As the Consulting CFO and CPA to over 70 venture backed startups, the most common question I get asked every January is, “What do we need to do about taxes? What about this Delaware Annual Filing? And SF Payroll Tax Expense?” So about this time every year I send out a customized road map to all of my clients that details everything they can expect for the coming year. I wanted to share this “cheat sheet” with you, but keep in mind that this is just a “cheat sheet.” Please reach out to me or your local CPA about tax filings that are specific to your business…because every startup is unique!

The dates provided below apply to San Francisco based, Delaware C-Corporations with fiscal years ending 12/31, which is the most common type of legal structure that I encounter.

  • Feb 2: This date is crucial for any business that pays employees or contractors. You must file a W-2 form for every employee. If you make payments to nonemployees, such as contractors, prepare a separate 1099-MISC for each one. The due date for mailing forms to employees or contractors is normally the last day in January, which falls on a Saturday this year, thus the Feb. 2 deadline.

  • Feb 28: If you had more than $150,000 in San Francisco payroll last year, you will need to file a SF Payroll Tax Return by Feb. 28. Expect to pay a 1.5% tax if your gross payroll was over $260,000 in 2014. You’ll need to pay this tax regardless of whether or not you were profitable. Be sure to plan for this; that 1.5% tax looks tiny but often amounts to thousands of dollars. If you made installments last year you’ll only need to make the final quarterly installment and file the payroll tax return by Feb. 28.

  • March 1: Your Delaware franchise tax comes due. The amount you owe varies based on your balance sheet or the amount of stock issued and outstanding at year-end. Start-ups backed by venture capital with $3 million in the bank can expect to pay about $2,500. Seed backed start-ups may just pay the minimum, which is $175.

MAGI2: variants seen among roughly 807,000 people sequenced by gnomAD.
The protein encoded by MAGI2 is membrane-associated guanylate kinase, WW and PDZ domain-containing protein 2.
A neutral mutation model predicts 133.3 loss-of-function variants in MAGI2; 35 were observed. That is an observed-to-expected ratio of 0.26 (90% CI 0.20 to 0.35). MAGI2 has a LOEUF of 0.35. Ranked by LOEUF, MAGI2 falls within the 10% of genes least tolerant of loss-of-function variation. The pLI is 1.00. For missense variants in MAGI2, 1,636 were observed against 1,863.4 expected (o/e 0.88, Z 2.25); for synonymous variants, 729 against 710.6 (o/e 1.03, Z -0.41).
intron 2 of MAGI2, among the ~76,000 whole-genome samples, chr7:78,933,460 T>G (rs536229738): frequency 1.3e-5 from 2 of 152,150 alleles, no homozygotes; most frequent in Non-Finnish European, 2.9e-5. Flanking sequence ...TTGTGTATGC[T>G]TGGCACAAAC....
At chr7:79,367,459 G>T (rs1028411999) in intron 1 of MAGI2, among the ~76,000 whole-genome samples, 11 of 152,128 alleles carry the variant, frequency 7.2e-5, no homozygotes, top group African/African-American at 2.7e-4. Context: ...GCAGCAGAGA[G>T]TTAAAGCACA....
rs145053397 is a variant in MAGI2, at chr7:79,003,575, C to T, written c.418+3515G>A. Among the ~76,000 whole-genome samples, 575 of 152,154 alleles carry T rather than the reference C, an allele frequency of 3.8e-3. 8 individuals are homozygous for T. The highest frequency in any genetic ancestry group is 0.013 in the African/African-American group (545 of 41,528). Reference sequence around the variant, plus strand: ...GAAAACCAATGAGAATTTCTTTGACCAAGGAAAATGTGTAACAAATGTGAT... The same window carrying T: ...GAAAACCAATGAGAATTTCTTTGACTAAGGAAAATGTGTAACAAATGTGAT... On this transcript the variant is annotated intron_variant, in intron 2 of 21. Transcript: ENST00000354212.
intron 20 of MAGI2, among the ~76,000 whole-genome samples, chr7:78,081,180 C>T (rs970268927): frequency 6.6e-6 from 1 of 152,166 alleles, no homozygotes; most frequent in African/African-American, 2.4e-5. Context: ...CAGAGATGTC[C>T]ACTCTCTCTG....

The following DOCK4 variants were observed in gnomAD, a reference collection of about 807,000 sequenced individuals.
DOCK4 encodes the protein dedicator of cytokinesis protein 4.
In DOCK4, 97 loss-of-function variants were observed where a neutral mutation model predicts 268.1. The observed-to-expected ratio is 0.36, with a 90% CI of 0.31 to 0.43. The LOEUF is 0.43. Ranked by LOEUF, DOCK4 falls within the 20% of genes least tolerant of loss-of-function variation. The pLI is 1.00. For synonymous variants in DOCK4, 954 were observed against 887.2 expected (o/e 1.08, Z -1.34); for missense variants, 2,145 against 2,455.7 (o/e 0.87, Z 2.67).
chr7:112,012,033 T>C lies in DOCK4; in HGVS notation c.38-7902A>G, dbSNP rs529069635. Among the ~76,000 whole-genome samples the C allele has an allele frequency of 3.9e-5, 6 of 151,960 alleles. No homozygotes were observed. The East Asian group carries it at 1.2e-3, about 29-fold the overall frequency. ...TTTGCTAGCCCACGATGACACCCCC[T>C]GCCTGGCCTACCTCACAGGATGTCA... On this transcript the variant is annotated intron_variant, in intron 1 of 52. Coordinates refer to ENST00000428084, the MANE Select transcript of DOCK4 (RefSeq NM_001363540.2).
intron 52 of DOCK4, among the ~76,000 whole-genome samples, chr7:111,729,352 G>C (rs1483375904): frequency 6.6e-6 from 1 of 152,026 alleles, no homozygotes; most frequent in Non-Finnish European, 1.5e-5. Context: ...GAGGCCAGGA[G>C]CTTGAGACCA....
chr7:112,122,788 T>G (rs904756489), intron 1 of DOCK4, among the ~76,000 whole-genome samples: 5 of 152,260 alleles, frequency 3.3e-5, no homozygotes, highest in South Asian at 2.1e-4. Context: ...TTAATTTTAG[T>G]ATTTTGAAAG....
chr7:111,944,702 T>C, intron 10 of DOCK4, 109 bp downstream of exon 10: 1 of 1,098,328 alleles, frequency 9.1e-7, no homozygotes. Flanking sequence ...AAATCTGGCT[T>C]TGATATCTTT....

• March 2: Remember those W-2 and 1099 forms you provided to employees and contractors a month ago? By March 2, you must submit this information to the government. Send your W-2 data, accompanied by Form W-3, to the Social Security Administration. If you file a 1099, send a Form 1096 along with it to the IRS. This deadline is normally the last day of February, which falls on a Saturday this year.

  • March 15: Forget about April – your federal corporate income taxes come due a month before personal income taxes. If you’re not prepared to file on time, don’t worry, you can extend the deadline until Sept. 15. Unfortunately, while you may delay filing, the extension doesn’t give you extra time to pay the taxes.

  • April 1: File your 571-L SF Business Property Tax Return if you a) received the 571-L form in the mail from the Assessors Office, or b) you have taxable business property with a total cost of $100,000 or more. Taxable business property can include computers, office furniture, and equipment. In general, it doesn’t include business inventory, intangible assets or application software.

  • April 15: As individuals nationwide file their personal income taxes, you also have some tax business to conduct. This blog is aimed mainly at California start-ups, who have to pay the state’s franchise tax by April 15. Most C-Corps, S-Corps, and LLCs will need to pay an annual tax of $800. Your first quarterly estimated federal income-tax payment is also due on April 15.

  • Apr 30: SF Payroll Tax Quarterly Installment due (1.35% of Q12015 gross payroll if 2015 payroll is over 260K)

  • May 31: File your SF Business Registration Renewal.

  • July 31: SF Payroll Tax Quarterly Installment due (1.35% of Q22015 gross payroll if 2015 payroll is over 260K)

  • Oct 31: SF Payroll Tax Quarterly Installment due (1.35% of Q32015 gross payroll if 2015 payroll is over 260K)

  • Rolling: Most corporations in California file a Statement of Information every year. Fortunately, this one doesn’t require you to track a deadline. You’ll receive a white postcard in your mailbox when it’s time to file. If you made the wise decision to hire Kruze Consulting to handle your accounting, just forward the postcard to me and I’ll take care of it.

It’s hard enough to conquer the world as a startup without having to fight the taxing agencies too. Add these dates to your calendar, and if you have any questions feel free to reach out to me. I’m here to help.

Kruze Consulting is a leading accounting firm working with seed and venture funded Delaware C-Corps. Funded startups choose Kruze Consulting’s team of CPAs, bookkeepers, CFOs, former IRS tax auditors, and venture experts. In addition to running the books, Kruze does tax, finance, and HR. Contact Kruze today!